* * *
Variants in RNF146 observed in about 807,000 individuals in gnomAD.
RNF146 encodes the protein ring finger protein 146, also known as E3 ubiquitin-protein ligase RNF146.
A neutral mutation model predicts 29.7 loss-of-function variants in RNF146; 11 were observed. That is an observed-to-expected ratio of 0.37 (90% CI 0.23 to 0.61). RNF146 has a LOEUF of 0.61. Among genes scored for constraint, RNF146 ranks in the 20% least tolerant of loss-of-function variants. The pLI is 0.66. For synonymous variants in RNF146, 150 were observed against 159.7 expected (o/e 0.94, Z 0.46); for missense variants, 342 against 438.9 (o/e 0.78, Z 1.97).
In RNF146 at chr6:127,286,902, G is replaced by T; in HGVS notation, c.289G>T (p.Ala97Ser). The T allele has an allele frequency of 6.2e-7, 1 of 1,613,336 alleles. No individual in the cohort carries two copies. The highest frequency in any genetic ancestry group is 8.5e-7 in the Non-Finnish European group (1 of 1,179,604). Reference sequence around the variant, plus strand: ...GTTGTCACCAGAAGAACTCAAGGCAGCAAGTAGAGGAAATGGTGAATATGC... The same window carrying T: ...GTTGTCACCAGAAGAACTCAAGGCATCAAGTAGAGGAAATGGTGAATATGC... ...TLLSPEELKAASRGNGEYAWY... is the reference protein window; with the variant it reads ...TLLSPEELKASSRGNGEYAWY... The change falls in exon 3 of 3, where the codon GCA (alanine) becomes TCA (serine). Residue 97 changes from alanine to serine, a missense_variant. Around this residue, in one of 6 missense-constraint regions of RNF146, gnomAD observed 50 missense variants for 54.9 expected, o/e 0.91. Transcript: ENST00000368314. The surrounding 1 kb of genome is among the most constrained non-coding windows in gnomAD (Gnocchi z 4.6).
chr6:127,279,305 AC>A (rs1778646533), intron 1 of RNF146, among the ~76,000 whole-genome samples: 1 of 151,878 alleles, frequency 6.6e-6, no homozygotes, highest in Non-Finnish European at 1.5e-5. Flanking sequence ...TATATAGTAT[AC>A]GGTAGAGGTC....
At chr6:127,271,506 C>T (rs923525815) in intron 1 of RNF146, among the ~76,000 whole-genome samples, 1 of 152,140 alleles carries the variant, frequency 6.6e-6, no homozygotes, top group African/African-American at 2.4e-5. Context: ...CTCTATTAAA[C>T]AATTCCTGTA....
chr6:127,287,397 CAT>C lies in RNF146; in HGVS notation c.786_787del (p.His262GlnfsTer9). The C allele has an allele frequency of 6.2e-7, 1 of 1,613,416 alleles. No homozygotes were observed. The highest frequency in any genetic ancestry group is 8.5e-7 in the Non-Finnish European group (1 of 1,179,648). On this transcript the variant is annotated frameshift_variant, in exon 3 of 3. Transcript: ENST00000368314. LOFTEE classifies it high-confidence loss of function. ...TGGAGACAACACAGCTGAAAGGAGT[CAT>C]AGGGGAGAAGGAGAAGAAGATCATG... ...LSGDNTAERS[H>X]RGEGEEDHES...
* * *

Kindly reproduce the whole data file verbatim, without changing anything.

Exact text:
Variants in RNF146 observed in about 807,000 individuals in gnomAD.
RNF146 encodes the protein ring finger protein 146, also known as E3 ubiquitin-protein ligase RNF146.
A neutral mutation model predicts 29.7 loss-of-function variants in RNF146; 11 were observed. That is an observed-to-expected ratio of 0.37 (90% CI 0.23 to 0.61). RNF146 has a LOEUF of 0.61. Among genes scored for constraint, RNF146 ranks in the 20% least tolerant of loss-of-function variants. The pLI is 0.66. For synonymous variants in RNF146, 150 were observed against 159.7 expected (o/e 0.94, Z 0.46); for missense variants, 342 against 438.9 (o/e 0.78, Z 1.97).
In RNF146 at chr6:127,286,902, G is replaced by T; in HGVS notation, c.289G>T (p.Ala97Ser). The T allele has an allele frequency of 6.2e-7, 1 of 1,613,336 alleles. No individual in the cohort carries two copies. The highest frequency in any genetic ancestry group is 8.5e-7 in the Non-Finnish European group (1 of 1,179,604). Reference sequence around the variant, plus strand: ...GTTGTCACCAGAAGAACTCAAGGCAGCAAGTAGAGGAAATGGTGAATATGC... The same window carrying T: ...GTTGTCACCAGAAGAACTCAAGGCATCAAGTAGAGGAAATGGTGAATATGC... ...TLLSPEELKAASRGNGEYAWY... is the reference protein window; with the variant it reads ...TLLSPEELKASSRGNGEYAWY... The change falls in exon 3 of 3, where the codon GCA (alanine) becomes TCA (serine). Residue 97 changes from alanine to serine, a missense_variant. Around this residue, in one of 6 missense-constraint regions of RNF146, gnomAD observed 50 missense variants for 54.9 expected, o/e 0.91. Transcript: ENST00000368314. The surrounding 1 kb of genome is among the most constrained non-coding windows in gnomAD (Gnocchi z 4.6).
chr6:127,279,305 AC>A (rs1778646533), intron 1 of RNF146, among the ~76,000 whole-genome samples: 1 of 151,878 alleles, frequency 6.6e-6, no homozygotes, highest in Non-Finnish European at 1.5e-5. Flanking sequence ...TATATAGTAT[AC>A]GGTAGAGGTC....
At chr6:127,271,506 C>T (rs923525815) in intron 1 of RNF146, among the ~76,000 whole-genome samples, 1 of 152,140 alleles carries the variant, frequency 6.6e-6, no homozygotes, top group African/African-American at 2.4e-5. Context: ...CTCTATTAAA[C>T]AATTCCTGTA....
chr6:127,287,397 CAT>C lies in RNF146; in HGVS notation c.786_787del (p.His262GlnfsTer9). The C allele has an allele frequency of 6.2e-7, 1 of 1,613,416 alleles. No homozygotes were observed. The highest frequency in any genetic ancestry group is 8.5e-7 in the Non-Finnish European group (1 of 1,179,648). On this transcript the variant is annotated frameshift_variant, in exon 3 of 3. Transcript: ENST00000368314. LOFTEE classifies it high-confidence loss of function. ...TGGAGACAACACAGCTGAAAGGAGT[CAT>C]AGGGGAGAAGGAGAAGAAGATCATG... ...LSGDNTAERS[H>X]RGEGEEDHES...